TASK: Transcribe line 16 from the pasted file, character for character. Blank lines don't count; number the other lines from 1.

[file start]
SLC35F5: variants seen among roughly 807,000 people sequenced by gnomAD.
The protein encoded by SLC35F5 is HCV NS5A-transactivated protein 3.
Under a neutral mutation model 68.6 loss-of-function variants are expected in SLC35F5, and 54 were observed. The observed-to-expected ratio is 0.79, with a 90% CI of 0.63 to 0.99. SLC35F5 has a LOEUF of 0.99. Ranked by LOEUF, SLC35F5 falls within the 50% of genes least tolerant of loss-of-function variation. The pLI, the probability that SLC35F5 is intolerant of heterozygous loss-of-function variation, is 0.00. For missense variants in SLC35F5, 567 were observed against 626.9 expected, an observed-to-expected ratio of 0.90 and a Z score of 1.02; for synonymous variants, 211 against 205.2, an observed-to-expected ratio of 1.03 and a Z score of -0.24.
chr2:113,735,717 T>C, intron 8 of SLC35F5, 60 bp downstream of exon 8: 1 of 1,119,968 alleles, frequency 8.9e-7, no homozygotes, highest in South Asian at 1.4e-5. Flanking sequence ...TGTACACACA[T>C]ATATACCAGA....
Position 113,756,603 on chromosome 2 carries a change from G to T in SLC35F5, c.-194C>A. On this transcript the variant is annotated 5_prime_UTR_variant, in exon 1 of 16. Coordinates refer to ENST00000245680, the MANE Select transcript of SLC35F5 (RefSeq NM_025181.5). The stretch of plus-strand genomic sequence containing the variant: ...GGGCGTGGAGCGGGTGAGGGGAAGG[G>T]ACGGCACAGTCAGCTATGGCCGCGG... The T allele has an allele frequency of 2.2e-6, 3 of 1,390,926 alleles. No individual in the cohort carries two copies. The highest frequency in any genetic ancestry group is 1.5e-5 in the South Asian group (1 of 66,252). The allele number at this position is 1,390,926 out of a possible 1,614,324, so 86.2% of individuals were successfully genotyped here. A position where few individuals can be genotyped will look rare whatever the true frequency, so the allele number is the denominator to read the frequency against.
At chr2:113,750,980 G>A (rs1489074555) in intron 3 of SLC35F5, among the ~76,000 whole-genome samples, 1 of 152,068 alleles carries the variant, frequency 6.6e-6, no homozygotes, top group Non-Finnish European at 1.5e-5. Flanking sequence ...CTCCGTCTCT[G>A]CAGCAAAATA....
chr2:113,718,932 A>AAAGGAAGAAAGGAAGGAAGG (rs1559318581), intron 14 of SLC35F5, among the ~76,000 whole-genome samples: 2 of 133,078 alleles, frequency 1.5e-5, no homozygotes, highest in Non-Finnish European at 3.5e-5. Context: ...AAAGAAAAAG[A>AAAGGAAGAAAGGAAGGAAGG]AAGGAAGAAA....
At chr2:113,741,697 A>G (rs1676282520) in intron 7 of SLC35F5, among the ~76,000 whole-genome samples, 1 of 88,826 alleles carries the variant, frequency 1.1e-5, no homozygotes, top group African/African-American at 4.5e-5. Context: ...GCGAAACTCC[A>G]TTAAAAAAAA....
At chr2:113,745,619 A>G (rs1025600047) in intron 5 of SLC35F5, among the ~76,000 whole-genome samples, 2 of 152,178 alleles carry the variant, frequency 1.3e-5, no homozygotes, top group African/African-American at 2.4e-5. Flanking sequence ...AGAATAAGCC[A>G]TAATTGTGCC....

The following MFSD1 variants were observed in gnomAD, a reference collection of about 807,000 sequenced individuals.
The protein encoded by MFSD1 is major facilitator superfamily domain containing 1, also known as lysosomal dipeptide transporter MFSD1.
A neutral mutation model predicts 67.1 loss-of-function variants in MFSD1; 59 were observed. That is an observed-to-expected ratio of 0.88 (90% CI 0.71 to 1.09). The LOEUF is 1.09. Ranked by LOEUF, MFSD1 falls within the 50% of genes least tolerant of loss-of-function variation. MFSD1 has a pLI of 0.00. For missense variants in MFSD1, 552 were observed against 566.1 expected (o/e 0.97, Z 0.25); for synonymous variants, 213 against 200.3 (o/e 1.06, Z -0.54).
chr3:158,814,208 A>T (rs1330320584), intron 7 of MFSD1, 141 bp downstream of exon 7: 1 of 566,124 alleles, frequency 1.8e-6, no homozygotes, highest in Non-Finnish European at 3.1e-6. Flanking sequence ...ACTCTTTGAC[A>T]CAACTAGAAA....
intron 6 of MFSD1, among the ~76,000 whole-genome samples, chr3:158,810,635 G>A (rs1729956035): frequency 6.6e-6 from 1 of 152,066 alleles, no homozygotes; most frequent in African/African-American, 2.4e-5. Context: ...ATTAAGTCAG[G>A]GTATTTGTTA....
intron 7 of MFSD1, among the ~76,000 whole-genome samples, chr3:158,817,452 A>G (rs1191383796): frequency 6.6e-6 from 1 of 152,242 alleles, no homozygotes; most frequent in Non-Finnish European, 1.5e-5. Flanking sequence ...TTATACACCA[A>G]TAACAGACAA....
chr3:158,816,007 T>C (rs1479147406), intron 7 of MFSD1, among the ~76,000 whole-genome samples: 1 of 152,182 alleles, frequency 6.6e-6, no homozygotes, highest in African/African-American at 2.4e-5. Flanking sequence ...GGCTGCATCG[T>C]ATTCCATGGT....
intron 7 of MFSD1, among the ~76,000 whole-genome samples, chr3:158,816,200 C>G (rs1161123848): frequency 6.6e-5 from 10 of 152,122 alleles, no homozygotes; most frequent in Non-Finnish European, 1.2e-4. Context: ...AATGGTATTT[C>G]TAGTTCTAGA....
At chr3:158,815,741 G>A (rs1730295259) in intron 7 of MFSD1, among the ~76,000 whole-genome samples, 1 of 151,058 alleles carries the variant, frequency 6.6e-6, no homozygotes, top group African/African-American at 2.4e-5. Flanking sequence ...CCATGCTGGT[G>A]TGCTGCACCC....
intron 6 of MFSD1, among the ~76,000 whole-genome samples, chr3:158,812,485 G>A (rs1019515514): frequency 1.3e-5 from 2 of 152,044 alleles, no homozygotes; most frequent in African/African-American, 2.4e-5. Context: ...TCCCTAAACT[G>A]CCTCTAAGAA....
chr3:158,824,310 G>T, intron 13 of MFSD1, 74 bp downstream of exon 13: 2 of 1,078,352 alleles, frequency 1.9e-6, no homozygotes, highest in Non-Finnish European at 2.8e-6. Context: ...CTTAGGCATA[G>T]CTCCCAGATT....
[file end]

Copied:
chr3:158,816,007 T>C (rs1479147406), intron 7 of MFSD1, among the ~76,000 whole-genome samples: 1 of 152,182 alleles, frequency 6.6e-6, no homozygotes, highest in African/African-American at 2.4e-5. Flanking sequence ...GGCTGCATCG[T>C]ATTCCATGGT....